Improv Showcase displays Brandeis’ sense of humor

September 7, 2018

When the first Monday of the academic year ends up on a holiday, seize the opportunity to create an improvisational comedy show. At least, that was the conclusion of Brandeis’ many improv troupes, who performed their first showcase of the year the night of Labor Day.

Intended largely as an introduction/advertisement, the showcase involves all four of Brandeis’ unscripted comedy groups performing a short series of sketches to interest people in coming to their auditions. Almost an unofficial orientation event, this annual tradition often almost feels like a great icebreaker game as much as a comedy performance.

TBA, the first group to perform, started the show off in this vein by inviting an audience member to the stage and interviewing him about everything from his favorite classes to his views on post-colonial foreign policy (undecided). Then, two improvisers used this information to compete for the interviewee’s undying love, incorporating random words shouted from the audience. The match-up ended up as a lopsided decision between a pitch for safe sex and a reluctant pitch for a scat fetish (the result of an unprintable suggestion from a particularly nervous audience member).

The group then moved into a quick-switch game where four performers were given suggestions for each of their possible pairings then had to quickly switch between the wildly different resulting scenes. A highlight was a pair of aging mothers-in-law discussing the intricacies of familial murder suddenly switching into a failing romance and back again with the barest of hesitation. The performance ended with a ménage a trois, where three pairs of performers created scenes following each other and linked by the physical poses of the preceding pair. Two high schoolers plotting an attack on the football team became two candy factory workers arguing became a bemoaned couple trying to save their love in Antarctica, whose unfortunate leaning caused one of the high schoolers to develop a humpback. And so on, the scenes becoming increasingly unhinged as they had to suddenly leap between more and more fantastic positions.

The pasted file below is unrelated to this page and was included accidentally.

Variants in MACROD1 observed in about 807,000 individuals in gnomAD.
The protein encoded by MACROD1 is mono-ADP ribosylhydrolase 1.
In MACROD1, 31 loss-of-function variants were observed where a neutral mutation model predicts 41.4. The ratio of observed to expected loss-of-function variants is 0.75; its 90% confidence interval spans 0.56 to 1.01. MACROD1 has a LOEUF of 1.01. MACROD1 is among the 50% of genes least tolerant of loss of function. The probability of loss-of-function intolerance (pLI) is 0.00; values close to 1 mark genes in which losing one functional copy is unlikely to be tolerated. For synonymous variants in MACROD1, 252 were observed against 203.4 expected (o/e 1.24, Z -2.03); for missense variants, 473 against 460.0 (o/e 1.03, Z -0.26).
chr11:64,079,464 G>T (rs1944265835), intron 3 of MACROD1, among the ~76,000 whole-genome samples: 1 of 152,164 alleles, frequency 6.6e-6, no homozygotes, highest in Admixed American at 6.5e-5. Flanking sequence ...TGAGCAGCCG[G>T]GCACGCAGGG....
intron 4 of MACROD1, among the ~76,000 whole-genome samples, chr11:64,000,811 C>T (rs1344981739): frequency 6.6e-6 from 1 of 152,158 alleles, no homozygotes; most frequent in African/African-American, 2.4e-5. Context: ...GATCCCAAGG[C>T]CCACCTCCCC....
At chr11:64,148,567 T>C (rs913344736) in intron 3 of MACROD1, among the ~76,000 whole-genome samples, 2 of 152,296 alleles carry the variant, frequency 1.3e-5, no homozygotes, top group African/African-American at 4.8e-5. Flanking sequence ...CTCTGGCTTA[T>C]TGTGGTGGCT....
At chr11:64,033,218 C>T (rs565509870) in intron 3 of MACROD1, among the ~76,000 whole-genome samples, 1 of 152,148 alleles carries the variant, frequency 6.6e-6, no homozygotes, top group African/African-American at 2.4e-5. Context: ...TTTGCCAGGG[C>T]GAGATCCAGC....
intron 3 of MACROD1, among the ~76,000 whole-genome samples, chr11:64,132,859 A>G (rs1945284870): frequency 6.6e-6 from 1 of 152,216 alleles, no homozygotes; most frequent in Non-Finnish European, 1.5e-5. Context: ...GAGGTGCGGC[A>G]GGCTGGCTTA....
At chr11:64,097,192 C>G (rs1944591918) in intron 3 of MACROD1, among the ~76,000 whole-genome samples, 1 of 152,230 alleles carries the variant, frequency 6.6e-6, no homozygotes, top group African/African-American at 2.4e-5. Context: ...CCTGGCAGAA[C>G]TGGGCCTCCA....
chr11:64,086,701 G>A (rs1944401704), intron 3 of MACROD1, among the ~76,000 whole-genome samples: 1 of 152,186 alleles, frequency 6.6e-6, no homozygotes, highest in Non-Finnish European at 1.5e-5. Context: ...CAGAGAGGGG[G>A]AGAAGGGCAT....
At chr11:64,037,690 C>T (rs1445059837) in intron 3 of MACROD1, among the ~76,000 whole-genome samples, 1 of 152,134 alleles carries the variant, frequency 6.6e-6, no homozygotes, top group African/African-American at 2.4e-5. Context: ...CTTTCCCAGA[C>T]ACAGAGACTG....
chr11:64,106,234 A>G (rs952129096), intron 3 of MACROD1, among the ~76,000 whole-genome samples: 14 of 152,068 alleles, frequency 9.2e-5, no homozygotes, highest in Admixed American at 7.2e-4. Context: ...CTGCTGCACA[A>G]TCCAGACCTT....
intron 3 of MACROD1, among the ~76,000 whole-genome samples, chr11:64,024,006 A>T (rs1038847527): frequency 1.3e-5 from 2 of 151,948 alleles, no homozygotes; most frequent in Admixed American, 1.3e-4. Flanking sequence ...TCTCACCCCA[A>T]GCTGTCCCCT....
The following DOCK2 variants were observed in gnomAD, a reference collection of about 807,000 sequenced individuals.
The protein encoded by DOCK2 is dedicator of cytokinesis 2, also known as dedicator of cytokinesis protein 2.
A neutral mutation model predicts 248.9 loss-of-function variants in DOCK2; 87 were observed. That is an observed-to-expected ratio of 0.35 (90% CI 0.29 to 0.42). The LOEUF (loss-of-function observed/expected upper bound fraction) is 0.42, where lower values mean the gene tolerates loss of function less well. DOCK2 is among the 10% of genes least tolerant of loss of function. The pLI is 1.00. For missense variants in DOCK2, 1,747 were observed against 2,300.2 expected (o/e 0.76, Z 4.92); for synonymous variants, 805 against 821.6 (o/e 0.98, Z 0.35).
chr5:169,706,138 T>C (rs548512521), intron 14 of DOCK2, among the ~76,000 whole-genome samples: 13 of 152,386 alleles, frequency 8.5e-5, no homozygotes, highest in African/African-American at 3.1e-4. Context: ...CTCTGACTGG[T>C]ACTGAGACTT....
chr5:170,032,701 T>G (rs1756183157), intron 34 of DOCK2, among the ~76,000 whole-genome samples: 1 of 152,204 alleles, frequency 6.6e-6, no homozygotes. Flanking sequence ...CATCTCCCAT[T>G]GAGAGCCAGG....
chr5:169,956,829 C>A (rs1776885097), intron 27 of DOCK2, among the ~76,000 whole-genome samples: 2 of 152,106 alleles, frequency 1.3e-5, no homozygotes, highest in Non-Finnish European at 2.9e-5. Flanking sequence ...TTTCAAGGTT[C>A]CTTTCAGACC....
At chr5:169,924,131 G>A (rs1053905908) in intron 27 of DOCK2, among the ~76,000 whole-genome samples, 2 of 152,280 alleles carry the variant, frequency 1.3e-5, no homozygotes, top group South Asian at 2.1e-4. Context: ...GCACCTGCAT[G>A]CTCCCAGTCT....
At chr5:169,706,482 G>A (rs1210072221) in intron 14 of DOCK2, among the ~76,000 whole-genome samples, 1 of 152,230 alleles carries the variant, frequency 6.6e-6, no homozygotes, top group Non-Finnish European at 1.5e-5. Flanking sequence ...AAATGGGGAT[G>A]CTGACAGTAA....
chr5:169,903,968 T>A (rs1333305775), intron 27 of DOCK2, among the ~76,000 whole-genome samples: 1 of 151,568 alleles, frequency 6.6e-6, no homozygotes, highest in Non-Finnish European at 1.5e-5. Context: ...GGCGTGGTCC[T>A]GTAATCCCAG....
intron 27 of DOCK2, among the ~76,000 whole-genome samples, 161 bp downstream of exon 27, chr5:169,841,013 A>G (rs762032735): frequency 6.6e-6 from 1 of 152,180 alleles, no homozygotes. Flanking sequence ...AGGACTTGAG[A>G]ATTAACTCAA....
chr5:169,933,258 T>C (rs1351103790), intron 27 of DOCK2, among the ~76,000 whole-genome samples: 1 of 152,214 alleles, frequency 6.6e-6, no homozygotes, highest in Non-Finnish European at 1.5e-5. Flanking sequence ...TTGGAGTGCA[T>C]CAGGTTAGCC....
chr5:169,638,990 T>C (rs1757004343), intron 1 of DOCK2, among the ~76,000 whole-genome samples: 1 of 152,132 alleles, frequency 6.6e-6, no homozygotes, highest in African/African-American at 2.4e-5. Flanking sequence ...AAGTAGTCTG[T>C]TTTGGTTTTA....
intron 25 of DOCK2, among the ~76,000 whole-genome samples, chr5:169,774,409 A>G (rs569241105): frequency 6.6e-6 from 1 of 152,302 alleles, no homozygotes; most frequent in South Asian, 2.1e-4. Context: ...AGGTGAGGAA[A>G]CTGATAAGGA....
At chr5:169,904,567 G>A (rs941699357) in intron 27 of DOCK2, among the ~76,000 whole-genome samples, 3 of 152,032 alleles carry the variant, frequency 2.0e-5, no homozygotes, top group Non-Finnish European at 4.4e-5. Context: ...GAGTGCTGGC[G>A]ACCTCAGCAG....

TBA was followed by Crowd Control, a long-form improv troupe, which jumped into the “getting to know each other” theme with “sex with me is like…” While admitting their sex was as infrequent as their interest in curling (once every four years) or a daily ritual as annoying as making toast likely wasn’t comfortable, the sketch cut the air, leading into the next piece of the performance, a series of longer sketches inspired by the troupe members’ past experiences, mainly summer memories. The summers were entertaining by themselves, sharing a surprisingly common theme of being thrust into a customer support role, forced to endure constant complaints, but without the actual authority to solve any problems. These were translated into sketches where a camp director threatened a disobedient camper with sharks, millennial-parody-types responded to a car accident with tweets of action and more off-kilter situations populated with angry customers, impotent customer service, and leaps of logic.

Bad Grammer, which focuses on short form scenes, came next, starting with a unique game where two pairs of performers each locked arms facing away from each other, had the two facing front start a scene (which became a parody of “MasterChef”), then periodically switched, thrusting the other partner into the character their partner had established. This created a hectic scene with two characters whose backstories and accents zigged and zagged into a series of jokes more about one-liners than the story being established. After, they transitioned into a three-person scene constructed around the power dynamics of having a ‘boss,’ a ‘comma’ and a ‘baby.’ This was repeated two times with each character taking on a different role, a theme which was repeated in the next game: types of advice. Four performers were positioned as giving good, bad, high school and robotic advice and took questions from the audience. The performers rotated roles each question, exaggerating the characters each time.

False Advertising, which does musical long-form theater, rounded out the show with two long-form sketches. One was themed around beach mishaps and involved a neglectful model mother, wars over sand castles, a semi-friendly great white shark, and the innocence of many children being ruined. The second, themed around the suggestion “Halftime Crime” became a musical about a wimpy football team scheming to unfairly win a championship game and managed to have both a mostly coherent plot and mostly coherent songs.

The lack of summer rehearsal showed occasionally throughout the night as many of the performers seemed slightly out of sync, but this never hurt the comedy. Everyone on stage was totally comfortable and used the magic of improv to carry through, playing off small mistakes and bringing the audience into the show as the veil of effortless spontaneity was lifted. With a mostly first-year audience, the performance became a wonderfully relaxed evening of laughs and camaraderie.

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